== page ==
owever, the court declared that the state-owned gaming firm is not covered by the 10% value-added tax, rendering Bureau of Internal Revenue Regulation (RR) No. 16-2005 null and void "for being contrary to the National Internal Revenue Code (NIRC)."
In a 25-page ruling penned by Associate Justice Diosdado Peralta, the court en banc noted that Pagcor failed to prove that it is still exempt from the payment of corporate income tax, considering that Section 1 (c) of R.A. 9337 amended Section 27 (c) of R.A. 8424 or the NIRC of 1997 by omitting Pagcor from the list of GOCCs exempted from the income tax.
The SC, likewise, dismissed the contention of Pagcor that Section 1 (c) is null and void for being violative of the non-impairment clause under Section 10, Article II of the Constitution, which provides that no law impairing the obligation of contracts shall be passed.
In the case of Pagcor, the court explained that it was granted a franchise to operate and maintain gambling casinos, clubs and other recreation or amusement places, sports, gaming pools, within the country.
It noted that under Section 1, Article XII of the Constitution, Pagcor’s franchise is subject to amendment or repeal by Congress such as the amendment under Section 1 of R.A. 9337.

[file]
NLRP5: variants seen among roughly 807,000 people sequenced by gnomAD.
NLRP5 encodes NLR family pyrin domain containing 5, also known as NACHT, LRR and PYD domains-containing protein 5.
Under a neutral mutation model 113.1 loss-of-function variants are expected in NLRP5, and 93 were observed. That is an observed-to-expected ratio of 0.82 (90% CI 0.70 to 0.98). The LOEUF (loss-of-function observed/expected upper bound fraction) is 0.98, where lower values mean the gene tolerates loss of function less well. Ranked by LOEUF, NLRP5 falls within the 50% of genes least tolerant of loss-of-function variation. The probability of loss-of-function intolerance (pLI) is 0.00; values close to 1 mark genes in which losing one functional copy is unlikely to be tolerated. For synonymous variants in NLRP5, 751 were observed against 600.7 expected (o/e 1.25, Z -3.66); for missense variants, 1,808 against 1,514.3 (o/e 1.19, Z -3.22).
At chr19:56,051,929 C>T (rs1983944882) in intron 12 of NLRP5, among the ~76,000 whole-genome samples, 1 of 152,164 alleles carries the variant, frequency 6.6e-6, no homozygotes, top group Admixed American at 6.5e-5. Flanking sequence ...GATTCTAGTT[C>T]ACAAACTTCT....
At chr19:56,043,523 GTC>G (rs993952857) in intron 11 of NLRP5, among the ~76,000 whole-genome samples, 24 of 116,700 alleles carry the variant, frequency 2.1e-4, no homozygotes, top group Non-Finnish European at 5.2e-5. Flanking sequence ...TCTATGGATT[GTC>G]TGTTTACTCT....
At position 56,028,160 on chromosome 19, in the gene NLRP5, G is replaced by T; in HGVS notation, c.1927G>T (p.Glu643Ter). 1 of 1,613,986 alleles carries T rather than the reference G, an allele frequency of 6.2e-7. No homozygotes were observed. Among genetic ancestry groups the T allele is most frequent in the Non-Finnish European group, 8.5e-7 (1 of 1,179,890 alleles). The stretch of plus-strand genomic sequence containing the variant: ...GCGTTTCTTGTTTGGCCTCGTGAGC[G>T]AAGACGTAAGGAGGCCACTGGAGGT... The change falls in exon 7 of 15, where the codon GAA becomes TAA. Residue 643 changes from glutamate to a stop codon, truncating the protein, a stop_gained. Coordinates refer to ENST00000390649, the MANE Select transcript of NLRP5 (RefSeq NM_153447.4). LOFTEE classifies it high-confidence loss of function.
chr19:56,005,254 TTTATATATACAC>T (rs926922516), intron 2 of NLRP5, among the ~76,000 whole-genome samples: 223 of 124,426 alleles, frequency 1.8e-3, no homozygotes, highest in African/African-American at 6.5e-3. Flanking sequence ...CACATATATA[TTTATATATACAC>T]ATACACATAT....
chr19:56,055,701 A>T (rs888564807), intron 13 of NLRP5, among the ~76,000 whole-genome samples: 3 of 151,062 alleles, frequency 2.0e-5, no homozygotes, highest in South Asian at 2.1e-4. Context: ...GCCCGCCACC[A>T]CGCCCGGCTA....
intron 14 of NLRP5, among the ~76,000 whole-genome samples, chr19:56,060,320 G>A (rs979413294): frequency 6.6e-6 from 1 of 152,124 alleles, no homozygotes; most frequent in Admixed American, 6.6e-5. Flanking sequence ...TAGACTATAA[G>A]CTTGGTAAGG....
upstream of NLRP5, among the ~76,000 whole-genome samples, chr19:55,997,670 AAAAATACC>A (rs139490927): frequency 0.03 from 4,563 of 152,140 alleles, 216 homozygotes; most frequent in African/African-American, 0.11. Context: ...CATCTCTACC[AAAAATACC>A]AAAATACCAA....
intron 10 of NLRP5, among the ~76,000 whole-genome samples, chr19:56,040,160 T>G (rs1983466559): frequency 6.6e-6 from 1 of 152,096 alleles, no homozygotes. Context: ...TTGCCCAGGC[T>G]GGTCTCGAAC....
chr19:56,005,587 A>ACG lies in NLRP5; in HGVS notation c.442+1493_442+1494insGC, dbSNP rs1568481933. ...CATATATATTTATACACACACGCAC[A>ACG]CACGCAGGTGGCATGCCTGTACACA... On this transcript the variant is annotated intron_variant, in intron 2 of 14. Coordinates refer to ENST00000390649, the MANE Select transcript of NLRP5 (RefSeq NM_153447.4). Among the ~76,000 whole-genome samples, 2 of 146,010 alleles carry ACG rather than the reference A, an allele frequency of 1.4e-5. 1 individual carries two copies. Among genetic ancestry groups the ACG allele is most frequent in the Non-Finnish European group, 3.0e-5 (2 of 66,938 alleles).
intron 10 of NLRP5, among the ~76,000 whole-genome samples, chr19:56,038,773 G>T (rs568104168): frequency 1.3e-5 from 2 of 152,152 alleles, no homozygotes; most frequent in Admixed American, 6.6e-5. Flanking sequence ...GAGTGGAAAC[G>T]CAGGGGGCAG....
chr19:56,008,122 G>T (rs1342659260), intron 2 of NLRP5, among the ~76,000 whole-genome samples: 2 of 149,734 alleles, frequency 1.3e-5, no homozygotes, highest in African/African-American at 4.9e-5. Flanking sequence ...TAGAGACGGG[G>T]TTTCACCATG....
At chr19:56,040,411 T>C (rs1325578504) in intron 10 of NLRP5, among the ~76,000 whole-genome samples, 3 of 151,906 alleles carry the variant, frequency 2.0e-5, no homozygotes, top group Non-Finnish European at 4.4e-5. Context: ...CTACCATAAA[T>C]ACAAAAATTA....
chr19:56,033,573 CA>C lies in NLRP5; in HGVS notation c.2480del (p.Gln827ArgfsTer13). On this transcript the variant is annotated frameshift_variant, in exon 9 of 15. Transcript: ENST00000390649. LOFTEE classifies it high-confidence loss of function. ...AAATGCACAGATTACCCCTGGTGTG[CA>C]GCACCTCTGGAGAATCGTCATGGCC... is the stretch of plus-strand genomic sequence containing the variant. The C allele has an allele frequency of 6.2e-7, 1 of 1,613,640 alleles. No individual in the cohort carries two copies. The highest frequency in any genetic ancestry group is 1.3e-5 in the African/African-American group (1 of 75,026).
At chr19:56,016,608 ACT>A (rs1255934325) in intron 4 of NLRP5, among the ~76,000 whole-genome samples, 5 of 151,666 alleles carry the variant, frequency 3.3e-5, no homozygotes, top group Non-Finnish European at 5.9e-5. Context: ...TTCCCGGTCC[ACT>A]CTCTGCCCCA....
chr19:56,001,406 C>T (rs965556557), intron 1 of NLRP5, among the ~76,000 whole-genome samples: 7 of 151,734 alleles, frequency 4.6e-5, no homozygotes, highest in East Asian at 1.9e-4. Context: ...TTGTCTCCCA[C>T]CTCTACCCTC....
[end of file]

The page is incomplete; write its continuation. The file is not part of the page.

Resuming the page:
“Hence, the provision in Section 1 of R.A. 9337, amending Section 27 ( c ) of R.A. No. 8424 by withdrawing the exemption of Pagcor from corporate income tax, which may affect any benefits to Pagcor’s transactions with private parties, is not violative of the non-impairment clause of the Constitution,” the ruling stated.
On the other hand, the court said RR No. 16-2005 is invalid for being contrary to R.A. 9337.
“Nowhere in R.A. No. 9337 is it provided that petitioner can be subjected to Vat. R.A. No. 9337 is clear only as to the removal of petitioner’s exemption from the payment of corporate income tax, which was already addressed above by this court,” the court ruled.
It explained that Pagcor is exempt from the payment of VAT because its charter, Presidential Decree 1869, is a special law that grants petitioner exemption from taxes.
Concurring with the ruling were Chief Justice Renato Corona, Antonio Carpio, Conchita Carpio Morales, Presbitero Velasco, Jr., Teresita Leonardo-De Castro, Lucas Bersamin, Mariano del Castillo, Roberto Abad, Martin Villarama, Jr., Jose Portugal Perez, Jose Catral Mendoza and Ma. Lourdes Sereno.